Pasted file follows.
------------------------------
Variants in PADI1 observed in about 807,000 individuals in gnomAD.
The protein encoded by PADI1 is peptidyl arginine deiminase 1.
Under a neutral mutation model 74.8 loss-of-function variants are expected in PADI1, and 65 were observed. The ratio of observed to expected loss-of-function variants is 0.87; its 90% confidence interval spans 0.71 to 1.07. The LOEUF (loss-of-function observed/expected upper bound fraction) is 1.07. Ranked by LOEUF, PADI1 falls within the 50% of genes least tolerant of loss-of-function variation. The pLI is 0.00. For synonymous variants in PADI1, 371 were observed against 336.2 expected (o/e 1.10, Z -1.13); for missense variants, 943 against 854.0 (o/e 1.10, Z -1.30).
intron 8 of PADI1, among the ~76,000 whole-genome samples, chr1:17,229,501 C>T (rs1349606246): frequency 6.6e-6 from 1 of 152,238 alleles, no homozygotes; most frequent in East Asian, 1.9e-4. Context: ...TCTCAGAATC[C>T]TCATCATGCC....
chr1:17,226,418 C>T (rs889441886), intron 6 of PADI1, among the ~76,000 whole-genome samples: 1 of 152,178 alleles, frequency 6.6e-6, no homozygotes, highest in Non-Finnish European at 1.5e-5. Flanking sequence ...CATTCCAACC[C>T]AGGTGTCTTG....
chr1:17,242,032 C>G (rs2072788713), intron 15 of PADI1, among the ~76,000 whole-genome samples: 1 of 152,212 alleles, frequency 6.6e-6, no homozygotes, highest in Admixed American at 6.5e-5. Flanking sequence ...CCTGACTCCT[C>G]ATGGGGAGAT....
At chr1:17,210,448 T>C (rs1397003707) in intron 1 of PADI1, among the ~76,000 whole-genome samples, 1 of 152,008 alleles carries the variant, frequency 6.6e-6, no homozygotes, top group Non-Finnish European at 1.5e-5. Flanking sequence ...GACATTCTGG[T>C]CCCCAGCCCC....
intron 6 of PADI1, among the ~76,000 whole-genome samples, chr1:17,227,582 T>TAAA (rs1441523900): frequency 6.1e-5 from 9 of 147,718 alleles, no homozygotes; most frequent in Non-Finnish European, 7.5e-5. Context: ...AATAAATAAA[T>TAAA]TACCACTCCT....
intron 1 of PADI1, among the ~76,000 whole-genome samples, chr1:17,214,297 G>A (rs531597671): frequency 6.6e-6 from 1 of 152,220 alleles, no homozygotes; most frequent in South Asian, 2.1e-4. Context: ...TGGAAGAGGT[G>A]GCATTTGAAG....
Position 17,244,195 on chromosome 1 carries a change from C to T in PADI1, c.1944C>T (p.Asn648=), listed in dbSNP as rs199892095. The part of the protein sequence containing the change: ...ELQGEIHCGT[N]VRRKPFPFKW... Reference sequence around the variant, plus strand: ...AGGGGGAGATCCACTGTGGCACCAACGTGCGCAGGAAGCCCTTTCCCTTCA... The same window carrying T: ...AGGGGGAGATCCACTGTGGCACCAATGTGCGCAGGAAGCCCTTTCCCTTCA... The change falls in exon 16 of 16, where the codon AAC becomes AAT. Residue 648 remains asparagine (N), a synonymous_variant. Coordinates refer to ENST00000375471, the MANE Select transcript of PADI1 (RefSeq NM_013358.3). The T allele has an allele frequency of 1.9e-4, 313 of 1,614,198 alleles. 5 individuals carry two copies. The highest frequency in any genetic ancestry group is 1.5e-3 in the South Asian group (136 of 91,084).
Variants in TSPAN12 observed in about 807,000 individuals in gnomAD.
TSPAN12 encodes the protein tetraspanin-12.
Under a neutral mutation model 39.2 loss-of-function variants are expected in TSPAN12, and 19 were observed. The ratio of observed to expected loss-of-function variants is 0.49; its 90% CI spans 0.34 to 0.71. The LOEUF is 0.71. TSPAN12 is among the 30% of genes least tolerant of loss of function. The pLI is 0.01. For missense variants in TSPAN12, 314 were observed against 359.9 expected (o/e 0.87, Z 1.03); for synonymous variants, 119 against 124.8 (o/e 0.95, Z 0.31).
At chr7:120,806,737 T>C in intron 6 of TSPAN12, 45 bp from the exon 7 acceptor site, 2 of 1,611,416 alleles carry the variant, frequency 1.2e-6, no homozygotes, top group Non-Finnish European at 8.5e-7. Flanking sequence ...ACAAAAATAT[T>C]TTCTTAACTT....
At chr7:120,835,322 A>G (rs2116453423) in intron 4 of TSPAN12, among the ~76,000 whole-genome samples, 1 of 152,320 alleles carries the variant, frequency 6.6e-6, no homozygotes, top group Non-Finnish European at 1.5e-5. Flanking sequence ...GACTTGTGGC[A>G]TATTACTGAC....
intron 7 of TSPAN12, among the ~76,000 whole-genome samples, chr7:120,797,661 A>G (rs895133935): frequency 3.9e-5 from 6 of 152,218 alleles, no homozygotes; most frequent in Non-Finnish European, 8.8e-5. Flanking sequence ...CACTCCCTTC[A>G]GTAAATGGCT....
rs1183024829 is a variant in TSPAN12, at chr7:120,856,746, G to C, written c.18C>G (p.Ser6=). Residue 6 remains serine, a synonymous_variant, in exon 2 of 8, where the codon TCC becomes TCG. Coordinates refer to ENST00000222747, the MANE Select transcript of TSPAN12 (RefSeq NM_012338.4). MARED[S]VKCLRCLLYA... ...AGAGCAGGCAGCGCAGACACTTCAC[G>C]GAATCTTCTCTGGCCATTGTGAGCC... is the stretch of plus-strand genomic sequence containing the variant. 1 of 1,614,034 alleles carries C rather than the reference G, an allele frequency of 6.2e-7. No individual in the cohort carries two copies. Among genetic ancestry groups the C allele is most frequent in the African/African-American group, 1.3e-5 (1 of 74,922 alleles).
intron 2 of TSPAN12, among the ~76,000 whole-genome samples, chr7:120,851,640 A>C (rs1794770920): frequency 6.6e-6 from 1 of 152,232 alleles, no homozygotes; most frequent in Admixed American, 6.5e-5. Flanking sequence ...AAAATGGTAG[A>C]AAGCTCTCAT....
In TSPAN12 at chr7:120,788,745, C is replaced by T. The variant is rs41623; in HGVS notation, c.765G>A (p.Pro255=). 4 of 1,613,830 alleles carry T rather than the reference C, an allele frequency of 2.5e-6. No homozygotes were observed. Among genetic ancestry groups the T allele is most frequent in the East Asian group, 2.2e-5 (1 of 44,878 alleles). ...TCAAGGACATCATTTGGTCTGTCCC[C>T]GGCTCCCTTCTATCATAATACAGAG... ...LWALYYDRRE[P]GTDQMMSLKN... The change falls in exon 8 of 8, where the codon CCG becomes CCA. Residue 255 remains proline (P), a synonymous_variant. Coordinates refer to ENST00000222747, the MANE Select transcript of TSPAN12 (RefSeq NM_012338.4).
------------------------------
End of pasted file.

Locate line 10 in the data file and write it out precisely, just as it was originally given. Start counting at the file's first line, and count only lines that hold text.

Position 17,244,195 on chromosome 1 carries a change from C to T in PADI1, c.1944C>T (p.Asn648=), listed in dbSNP as rs199892095. The part of the protein sequence containing the change: ...ELQGEIHCGT[N]VRRKPFPFKW... Reference sequence around the variant, plus strand: ...AGGGGGAGATCCACTGTGGCACCAACGTGCGCAGGAAGCCCTTTCCCTTCA... The same window carrying T: ...AGGGGGAGATCCACTGTGGCACCAATGTGCGCAGGAAGCCCTTTCCCTTCA... The change falls in exon 16 of 16, where the codon AAC becomes AAT. Residue 648 remains asparagine (N), a synonymous_variant. Coordinates refer to ENST00000375471, the MANE Select transcript of PADI1 (RefSeq NM_013358.3). The T allele has an allele frequency of 1.9e-4, 313 of 1,614,198 alleles. 5 individuals carry two copies. The highest frequency in any genetic ancestry group is 1.5e-3 in the South Asian group (136 of 91,084).